On the afternoon of September 26th, 2015- we taught a Level 2: Personal Protection with a Handgun course to a group of students who agreed to brave the rain. The Level 2 course focuses on handgun manipulation and skills that are likely to be required to successfully defend yourself in a gun fight. We began with a discussion of human anatomy and how the body reacts when it is faced with high-stress situations. We discussed the sympathetic grip of humans which underscores the importance of trigger finger discipline, and then we moved into an explanation of "body alarm" and why that is important to being able to control your "fight or flight" reaction. Finally, we moved into a discussion about how to "shut down the human machine" as anatomically efficiently as possible.
Understanding the anatomy after our discussions, we moved on to the fundamentals and manipulations that are covered in this course. Unlike our Level 1 course, this course is designed to be more of a "discuss and practice" format. Students in this course have already demonstrated safe gun-handling practices so we are comfortable having them increase their round count with more practice and less discussion.
Our first skill that we worked on was drawing from the holster. We use a slightly modified version of the 4 point draw, with a specific focus on economy of effort and efficiency of motion. For some of our students, this was their first experience working from a holster for more than anything other than simply transporting their firearm.
Today Amanda and I were about to get some handgun manipulation reps in at South River Gun Club on the new steel silhouette targets. The steel was great at providing both visual and audible feedback to the hits. We worked a lot of reloading drills including the following:
- Reloading from Slide Lock (both Powerstroke and Slide Release Methods)
- Reloads with retention (both tactical reload, and "hand switch" reload)
- Reloading while moving
We also worked on engaging multiple targets both from a static position in addition to the reloading drills. Though we only trained for about 60-75 minutes, we made great use of our time and round count to make sure that we got sufficient reps in. Below are a few pictures of the targets as well as some video clips from today's training.
Amanda S. has trained with me for quite some time, and has taken the Level 1 and Basic Pistol classes multiple times. She is enrolled in a Level 2 class coming up. She took a private instructional with me today and we worked on firearm manipulation drills. Many of these were new techniques, and she performed quite well. I was able to get some videos of her performing these drills and she agreed to let me place them on the site for anyone interested in what you'll be learning in the Level 2 class. In this video, she covers:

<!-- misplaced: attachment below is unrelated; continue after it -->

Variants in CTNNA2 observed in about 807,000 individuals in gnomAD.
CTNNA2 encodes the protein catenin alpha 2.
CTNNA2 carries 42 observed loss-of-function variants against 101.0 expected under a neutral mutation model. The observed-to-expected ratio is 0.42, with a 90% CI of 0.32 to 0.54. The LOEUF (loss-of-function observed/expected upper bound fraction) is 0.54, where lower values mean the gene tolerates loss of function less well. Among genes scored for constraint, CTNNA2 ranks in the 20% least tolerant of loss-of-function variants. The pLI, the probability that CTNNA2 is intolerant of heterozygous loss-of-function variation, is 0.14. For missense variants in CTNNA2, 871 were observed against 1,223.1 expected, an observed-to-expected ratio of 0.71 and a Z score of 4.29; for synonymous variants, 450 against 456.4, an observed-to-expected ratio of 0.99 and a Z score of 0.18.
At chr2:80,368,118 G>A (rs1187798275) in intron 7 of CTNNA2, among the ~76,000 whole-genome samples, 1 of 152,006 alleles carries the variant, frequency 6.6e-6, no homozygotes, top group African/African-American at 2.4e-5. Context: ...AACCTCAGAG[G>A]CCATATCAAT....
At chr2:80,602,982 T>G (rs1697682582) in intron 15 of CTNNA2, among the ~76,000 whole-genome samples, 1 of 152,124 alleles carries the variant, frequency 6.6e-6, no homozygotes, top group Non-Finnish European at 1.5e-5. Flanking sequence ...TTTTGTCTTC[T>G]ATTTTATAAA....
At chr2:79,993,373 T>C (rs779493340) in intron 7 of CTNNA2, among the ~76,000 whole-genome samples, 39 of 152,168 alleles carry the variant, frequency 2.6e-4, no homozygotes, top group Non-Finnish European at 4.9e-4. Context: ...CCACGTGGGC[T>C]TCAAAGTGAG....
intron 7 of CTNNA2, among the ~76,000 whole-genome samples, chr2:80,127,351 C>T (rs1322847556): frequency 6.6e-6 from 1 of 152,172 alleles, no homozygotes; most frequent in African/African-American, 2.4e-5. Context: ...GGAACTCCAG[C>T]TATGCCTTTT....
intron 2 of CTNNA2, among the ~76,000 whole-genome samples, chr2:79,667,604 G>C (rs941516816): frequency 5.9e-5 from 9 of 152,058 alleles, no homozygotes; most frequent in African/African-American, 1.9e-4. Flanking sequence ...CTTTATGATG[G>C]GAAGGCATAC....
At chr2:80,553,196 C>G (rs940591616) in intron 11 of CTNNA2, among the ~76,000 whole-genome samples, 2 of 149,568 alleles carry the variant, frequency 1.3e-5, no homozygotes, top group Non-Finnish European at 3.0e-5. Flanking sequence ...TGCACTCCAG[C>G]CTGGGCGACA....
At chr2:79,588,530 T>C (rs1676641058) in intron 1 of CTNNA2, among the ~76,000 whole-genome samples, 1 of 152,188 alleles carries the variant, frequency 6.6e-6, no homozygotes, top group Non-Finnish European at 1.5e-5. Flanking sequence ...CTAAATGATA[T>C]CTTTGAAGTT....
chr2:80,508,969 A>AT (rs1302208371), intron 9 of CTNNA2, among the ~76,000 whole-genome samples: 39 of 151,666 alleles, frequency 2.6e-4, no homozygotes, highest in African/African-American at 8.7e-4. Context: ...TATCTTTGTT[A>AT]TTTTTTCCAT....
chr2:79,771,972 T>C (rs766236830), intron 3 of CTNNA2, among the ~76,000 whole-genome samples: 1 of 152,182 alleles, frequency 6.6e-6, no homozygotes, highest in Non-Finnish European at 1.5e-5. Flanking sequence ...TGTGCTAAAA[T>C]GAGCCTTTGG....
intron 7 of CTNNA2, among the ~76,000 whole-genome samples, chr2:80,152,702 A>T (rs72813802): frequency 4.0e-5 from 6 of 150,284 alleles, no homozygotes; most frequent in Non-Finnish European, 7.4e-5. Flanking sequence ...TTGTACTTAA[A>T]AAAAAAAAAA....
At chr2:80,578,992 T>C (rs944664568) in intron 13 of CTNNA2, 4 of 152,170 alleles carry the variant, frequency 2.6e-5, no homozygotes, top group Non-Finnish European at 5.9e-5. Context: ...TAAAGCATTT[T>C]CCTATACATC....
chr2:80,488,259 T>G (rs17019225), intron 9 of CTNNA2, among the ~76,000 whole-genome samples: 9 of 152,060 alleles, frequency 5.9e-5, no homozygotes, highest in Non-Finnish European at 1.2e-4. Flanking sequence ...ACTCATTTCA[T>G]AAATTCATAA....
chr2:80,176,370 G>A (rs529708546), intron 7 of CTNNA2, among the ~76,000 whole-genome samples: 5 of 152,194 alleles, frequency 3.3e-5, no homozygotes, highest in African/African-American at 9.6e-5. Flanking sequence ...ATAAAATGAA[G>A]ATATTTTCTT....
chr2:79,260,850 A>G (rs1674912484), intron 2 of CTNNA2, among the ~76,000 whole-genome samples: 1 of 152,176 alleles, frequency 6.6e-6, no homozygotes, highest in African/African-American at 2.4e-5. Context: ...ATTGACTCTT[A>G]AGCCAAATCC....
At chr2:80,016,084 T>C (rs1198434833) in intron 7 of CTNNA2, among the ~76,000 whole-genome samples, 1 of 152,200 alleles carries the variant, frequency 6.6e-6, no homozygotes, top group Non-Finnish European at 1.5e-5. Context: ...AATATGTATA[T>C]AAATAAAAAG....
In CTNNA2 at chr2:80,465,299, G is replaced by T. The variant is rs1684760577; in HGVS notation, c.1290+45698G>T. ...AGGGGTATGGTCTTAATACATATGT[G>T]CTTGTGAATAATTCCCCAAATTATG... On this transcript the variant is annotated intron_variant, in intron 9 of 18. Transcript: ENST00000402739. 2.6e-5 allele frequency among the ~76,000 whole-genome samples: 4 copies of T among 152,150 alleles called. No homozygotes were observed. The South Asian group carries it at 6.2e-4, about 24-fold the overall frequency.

- Reloads with Retention (Tactical Reloads)
- Malfunction Correction
- Reloading while moving
- Drawing from holster
8/7/15 - 8/8/15: I had the opportunity to participate in the NRA's Personal Protection Outside the Home from Sparrow Defense over the past two days. This course included both the Basic and Advanced portions of this course, spread out over classroom and outdoor range environments. I'd like to share my After Action Report of how I feel the course went and provide some insight as tot he content of the course.
The course was separated into two days. The first day was classroom instruction consisting of the initial introduction of content as well as the NRA's version of Concealed Carry. I found this piece of the class to be a "necessary evil" as this is always my least favorite part of any instructional course that I participate in. Though it was certainly not my favorite part of the course, it was informative and entertaining to the point that it was as enjoyable as possible and thorough in its presentation.
Day 2 began with an early day at the range (8:00 AM), and we would be out there until about 3:30 PM. It was a HOT August day in Georgia, which certainly added to the "shooting under stress" portion of the class as everyone was visibly becoming more physically strained as the sun beat down. From here, I will break down the report into four sections: Level of Challenge; Instruction; Content; and Highs and Lows.
LEVEL OF CHALLENGE:
This is not an introductory level course. The participants in this course have already taken the NRA's Basic Pistol Course and the Personal Protection Inside the Home course (or can perform at an equivalent skill level). All of the participants were proficient enough with their handguns to be considered safe on the range and were all within a marginal difference in their abilities. Because of the similarities in the participant's skill level, Clark Sparrow (instructor) was able to push the content at a consistent pace without boring anyone or leaving anyone behind. The progression of challenge was both logical and fun. I consider myself to be a high-level shooter, and at no point during the range phase of the course was I not interested in what we were doing. Clark also interjected a LOT of content that is not part of the standard NRA PPOTH curriculum, which means that the participants got more than their money's worth. I will incorporate more into the "Content" section as to what that entailed, but it added a ton of useful content to the curriculum. Overall, the level of challenge was excellent for this course and the participants that were in it. Everyone there, myself included, went home as a better shooter than when they arrived.